Wild Art Exploration: One Clear Day

Such a rich and wonderful day with two groups of Wild Art kids today, that I thought I'd share it as a photo montage.

The teen group went to check out the old dump site along the Dump Road, and we saw a shimmering orange puddle where rust and oil leaches out from the dump pile.

From there we headed up to Everhard Creek, where we used spoons to harvest some clay. That was about all we had time for today, but we've hatched a plan to return next week with a bucket, and try filtering the clay.

The younger group returned to the forest village they'd begun making the week before, and carried on creating things to sell at their shops and restaurants. One group led a tour to a beaver lodge, and later became petty criminals, robbing the shops and calling the 'police' on each other. We discovered some as-yet-unidentified little calciferous things (photo included), and returned very wet and muddy - the perfect ending to a great adventure!

That's the robber escaping on the left, and his 'boss' sitting carving a stick in the shop the two of them created.
These are the unidentified little calciferous semi-spheres we found on the forest floor.

A 'fire pit'.
An abandoned cedar crown.

Cedar crowns for sale at one of the shops.
Unidentified (maybe heron?) prints.

The beaver lodge! Entrances are barely visible on the left and centre-right, behind a few large sticks.

Risk-Taking Is Essential for Learning to Be Safe

Looking at bubbles in the ice and a watery landscape underneath.
For as long as I can remember, I've been hearing mumblings of concern over the increased safety-restrictions placed on our children. We like to talk about "when we were kids" and how our lives were so much freer; so much more dangerous. "And we turned out just fine." But when it comes to our own kids we're still terrified, placing ever more layers of armour on them and keeping them ever closer, ever more restricted in their movements. We read great articles about how necessary it is for our kids to explore and take risks. And then we see them heading out without a helment, freak out, chase them down, apply helmet, and tell them not to go out of our sight. Or something like that.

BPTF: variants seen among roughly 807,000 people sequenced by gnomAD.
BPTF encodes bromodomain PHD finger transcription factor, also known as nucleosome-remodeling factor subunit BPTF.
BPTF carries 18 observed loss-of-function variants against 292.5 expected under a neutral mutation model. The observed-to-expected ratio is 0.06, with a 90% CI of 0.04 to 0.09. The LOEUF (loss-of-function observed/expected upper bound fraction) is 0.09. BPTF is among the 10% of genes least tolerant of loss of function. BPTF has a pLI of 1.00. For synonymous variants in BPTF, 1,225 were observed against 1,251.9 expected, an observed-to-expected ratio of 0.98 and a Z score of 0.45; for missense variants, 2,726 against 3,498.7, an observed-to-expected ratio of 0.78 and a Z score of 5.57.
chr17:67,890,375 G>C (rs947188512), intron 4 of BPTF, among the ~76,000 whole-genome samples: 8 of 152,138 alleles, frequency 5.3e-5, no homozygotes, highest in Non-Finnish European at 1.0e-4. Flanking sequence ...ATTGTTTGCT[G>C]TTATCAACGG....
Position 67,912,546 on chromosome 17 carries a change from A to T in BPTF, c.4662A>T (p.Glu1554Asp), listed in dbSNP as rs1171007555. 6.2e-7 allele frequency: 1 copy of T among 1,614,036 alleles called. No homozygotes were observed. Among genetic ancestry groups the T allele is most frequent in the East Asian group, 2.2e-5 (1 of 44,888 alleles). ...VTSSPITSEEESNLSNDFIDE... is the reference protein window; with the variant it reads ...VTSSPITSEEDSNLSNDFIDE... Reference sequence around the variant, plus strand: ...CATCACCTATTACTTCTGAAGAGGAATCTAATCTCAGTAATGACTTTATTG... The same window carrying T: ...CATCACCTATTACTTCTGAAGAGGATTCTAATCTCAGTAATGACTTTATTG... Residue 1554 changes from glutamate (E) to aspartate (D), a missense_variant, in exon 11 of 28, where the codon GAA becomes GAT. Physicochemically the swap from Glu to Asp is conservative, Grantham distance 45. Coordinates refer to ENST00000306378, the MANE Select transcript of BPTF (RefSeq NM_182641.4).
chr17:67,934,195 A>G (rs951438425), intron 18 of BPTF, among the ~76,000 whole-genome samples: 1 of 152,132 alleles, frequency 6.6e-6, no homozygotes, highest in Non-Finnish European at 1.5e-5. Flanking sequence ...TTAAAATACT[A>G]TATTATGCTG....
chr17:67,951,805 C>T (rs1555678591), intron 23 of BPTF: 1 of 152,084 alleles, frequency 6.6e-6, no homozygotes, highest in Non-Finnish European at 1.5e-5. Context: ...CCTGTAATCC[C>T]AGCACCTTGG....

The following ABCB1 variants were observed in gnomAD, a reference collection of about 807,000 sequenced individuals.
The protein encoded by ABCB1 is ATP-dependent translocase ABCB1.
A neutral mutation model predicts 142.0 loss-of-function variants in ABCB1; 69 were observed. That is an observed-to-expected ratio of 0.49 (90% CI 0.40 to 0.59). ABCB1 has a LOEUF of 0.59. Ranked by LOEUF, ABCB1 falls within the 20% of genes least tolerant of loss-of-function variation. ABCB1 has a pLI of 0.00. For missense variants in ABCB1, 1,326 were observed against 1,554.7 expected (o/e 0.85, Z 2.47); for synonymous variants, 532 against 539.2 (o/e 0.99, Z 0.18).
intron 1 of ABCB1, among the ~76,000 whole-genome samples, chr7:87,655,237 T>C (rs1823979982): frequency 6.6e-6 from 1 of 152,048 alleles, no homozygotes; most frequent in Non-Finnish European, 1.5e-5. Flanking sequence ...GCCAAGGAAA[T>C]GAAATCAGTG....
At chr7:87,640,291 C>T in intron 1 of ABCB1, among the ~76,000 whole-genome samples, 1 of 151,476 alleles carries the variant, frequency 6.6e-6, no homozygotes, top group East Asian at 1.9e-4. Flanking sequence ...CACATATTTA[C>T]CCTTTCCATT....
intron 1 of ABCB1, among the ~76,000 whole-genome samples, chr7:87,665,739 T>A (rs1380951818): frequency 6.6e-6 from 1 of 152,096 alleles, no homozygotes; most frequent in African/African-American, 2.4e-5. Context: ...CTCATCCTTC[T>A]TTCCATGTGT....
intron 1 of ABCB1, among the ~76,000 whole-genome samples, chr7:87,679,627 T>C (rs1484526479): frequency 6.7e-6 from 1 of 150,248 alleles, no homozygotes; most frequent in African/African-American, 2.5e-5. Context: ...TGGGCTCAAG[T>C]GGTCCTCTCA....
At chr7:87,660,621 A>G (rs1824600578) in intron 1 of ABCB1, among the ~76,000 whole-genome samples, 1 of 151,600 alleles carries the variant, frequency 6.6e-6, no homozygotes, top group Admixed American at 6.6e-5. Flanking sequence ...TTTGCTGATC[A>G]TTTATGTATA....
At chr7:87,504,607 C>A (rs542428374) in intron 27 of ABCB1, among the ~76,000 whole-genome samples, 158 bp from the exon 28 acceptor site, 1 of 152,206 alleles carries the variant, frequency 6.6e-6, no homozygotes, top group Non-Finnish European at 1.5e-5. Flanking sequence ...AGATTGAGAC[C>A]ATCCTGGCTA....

I'm not immune to those struggles, as a parent. But because I teach, and am thinking every day about how to engage people I work with in healthy, dangerous play, I have the opportunity to keep reminding myself why it matters to let my children take risks.

Frozen ditches!
Last week I took a couple of groups of kids out exploring ice. We talked a lot about ice safety, how to recognize dangerous areas, and how to deal with cracking ice, to avoid falling through. We looked down and estimated the thickness of the ice based on bubbles and twigs that were frozen into and floating under the ice. We also cautiously went out on all fours and bellies, exploring the ice, knowing that it wasn't likely strong enough to stand on, but learning to gauge the danger (how deep was the water under the ice? how thick was the ice? how concentrated was our weight? was it cracking?). In some places the ice did crack, and the kids had to safely navigate away from the more dangerous areas as they discovered them. They also stomped around on some shallow areas and stomped right through some of the ice, into the mud.

I feel that this dangerous play is essential learning - it enables the kids to take risks in relative safety and to learn from them. This is not only essential for wilderness activities, but also for life in general, since so much of what we learn requires risk, and it's nice to be able to mitigate the severity of the risks from a place of personal understanding. I feel this leads to greater safety, and in my experience with teaching I have definitely seen that the more cautious risks children take, the more confident they become, and the less severe their stumbles are, when they make them.

PS: Ever hear of belly hockey? The correct rink for this is a 2-inch thick layer of ice over a couple of feet of murky creek water. Grab yourself some nice sticks and a chunk of wood for a puck... and have at it!